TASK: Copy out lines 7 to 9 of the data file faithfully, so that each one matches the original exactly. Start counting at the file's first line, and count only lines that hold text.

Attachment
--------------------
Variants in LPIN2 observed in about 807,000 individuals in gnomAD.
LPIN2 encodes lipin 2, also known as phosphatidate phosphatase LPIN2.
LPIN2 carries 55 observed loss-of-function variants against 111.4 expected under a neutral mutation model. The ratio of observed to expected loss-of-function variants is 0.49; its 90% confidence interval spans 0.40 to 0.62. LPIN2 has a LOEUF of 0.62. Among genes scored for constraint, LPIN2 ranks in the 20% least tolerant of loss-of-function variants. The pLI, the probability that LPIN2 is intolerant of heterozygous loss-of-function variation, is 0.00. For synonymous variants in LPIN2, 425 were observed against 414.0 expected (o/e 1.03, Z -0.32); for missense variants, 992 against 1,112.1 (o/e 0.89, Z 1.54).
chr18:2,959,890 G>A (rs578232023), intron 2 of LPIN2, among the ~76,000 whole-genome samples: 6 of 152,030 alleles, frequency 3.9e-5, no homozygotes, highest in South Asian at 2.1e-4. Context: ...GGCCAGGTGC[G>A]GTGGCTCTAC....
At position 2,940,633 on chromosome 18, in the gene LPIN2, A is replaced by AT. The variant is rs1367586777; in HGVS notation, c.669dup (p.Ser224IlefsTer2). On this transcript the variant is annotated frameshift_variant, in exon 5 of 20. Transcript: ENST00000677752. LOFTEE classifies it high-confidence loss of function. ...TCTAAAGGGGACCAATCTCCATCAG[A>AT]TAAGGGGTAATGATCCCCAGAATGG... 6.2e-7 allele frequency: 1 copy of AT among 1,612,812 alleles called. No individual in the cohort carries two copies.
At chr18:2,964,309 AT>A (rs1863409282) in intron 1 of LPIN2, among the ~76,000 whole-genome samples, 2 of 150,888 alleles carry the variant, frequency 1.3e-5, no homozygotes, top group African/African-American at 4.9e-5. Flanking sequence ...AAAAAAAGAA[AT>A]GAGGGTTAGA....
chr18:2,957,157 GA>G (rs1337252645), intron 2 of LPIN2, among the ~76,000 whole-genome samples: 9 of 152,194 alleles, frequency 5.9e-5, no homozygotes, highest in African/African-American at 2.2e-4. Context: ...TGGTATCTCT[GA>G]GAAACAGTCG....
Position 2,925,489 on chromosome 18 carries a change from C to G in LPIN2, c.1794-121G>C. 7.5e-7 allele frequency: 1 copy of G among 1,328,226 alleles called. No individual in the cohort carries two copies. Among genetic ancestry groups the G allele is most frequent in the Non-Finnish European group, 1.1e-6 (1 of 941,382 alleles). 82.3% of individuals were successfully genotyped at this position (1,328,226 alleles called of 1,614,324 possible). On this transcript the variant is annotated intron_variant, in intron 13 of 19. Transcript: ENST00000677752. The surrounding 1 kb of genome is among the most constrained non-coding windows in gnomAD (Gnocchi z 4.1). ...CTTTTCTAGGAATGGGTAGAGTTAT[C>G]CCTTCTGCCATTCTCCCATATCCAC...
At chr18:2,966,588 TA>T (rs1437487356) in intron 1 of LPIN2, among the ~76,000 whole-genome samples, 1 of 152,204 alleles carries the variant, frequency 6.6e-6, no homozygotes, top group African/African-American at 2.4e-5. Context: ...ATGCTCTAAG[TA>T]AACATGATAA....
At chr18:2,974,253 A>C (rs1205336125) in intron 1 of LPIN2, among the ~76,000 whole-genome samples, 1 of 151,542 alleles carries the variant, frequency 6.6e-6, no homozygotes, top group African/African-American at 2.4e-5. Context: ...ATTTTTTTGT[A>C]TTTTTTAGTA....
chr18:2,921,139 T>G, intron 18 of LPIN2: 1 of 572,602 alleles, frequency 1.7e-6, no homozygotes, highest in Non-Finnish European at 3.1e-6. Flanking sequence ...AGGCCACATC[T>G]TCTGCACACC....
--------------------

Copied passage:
chr18:2,957,157 GA>G (rs1337252645), intron 2 of LPIN2, among the ~76,000 whole-genome samples: 9 of 152,194 alleles, frequency 5.9e-5, no homozygotes, highest in African/African-American at 2.2e-4. Context: ...TGGTATCTCT[GA>G]GAAACAGTCG....
Position 2,925,489 on chromosome 18 carries a change from C to G in LPIN2, c.1794-121G>C. 7.5e-7 allele frequency: 1 copy of G among 1,328,226 alleles called. No individual in the cohort carries two copies. Among genetic ancestry groups the G allele is most frequent in the Non-Finnish European group, 1.1e-6 (1 of 941,382 alleles). 82.3% of individuals were successfully genotyped at this position (1,328,226 alleles called of 1,614,324 possible). On this transcript the variant is annotated intron_variant, in intron 13 of 19. Transcript: ENST00000677752. The surrounding 1 kb of genome is among the most constrained non-coding windows in gnomAD (Gnocchi z 4.1). ...CTTTTCTAGGAATGGGTAGAGTTAT[C>G]CCTTCTGCCATTCTCCCATATCCAC...
At chr18:2,966,588 TA>T (rs1437487356) in intron 1 of LPIN2, among the ~76,000 whole-genome samples, 1 of 152,204 alleles carries the variant, frequency 6.6e-6, no homozygotes, top group African/African-American at 2.4e-5. Context: ...ATGCTCTAAG[TA>T]AACATGATAA....